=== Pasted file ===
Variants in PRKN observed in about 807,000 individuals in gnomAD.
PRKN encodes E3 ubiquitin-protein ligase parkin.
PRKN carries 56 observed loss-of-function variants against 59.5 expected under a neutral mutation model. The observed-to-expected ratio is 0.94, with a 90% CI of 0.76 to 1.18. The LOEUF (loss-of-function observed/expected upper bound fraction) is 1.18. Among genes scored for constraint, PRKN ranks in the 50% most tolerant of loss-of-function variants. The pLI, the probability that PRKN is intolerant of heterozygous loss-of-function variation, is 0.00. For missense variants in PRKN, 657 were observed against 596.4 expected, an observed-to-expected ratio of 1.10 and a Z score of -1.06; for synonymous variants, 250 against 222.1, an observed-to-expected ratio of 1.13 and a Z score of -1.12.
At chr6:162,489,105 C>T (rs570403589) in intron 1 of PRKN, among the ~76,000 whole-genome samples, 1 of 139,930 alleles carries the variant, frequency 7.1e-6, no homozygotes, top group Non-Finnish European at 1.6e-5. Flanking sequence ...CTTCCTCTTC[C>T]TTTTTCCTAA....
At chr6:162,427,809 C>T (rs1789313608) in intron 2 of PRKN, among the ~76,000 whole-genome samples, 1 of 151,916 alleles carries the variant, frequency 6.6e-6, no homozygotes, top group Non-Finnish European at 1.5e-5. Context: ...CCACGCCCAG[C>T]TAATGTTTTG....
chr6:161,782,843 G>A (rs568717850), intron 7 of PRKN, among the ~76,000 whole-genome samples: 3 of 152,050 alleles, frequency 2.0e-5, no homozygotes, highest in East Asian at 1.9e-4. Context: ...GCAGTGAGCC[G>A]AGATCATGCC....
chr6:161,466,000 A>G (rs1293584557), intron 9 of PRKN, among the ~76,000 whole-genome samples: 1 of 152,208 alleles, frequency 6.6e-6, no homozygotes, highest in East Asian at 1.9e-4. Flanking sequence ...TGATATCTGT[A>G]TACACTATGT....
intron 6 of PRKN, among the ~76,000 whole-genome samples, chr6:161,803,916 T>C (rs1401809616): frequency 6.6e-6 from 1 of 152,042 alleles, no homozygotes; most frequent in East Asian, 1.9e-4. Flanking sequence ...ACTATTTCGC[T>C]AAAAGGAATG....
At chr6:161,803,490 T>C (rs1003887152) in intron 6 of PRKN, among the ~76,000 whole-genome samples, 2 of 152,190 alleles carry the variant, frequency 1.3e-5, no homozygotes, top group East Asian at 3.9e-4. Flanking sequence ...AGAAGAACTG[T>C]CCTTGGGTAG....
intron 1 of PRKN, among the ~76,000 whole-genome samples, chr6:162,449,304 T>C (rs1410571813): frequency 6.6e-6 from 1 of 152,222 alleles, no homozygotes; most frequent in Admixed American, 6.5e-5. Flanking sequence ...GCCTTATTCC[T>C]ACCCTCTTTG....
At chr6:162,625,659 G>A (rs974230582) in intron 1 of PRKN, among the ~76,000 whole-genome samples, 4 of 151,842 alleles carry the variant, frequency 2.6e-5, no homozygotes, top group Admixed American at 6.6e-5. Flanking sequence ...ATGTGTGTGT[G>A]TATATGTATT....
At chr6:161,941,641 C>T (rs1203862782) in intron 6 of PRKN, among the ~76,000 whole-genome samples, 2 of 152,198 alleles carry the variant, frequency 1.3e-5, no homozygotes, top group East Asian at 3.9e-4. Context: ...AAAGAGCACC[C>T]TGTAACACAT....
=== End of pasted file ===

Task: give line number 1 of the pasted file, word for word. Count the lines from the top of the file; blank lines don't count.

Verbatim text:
Variants in PRKN observed in about 807,000 individuals in gnomAD.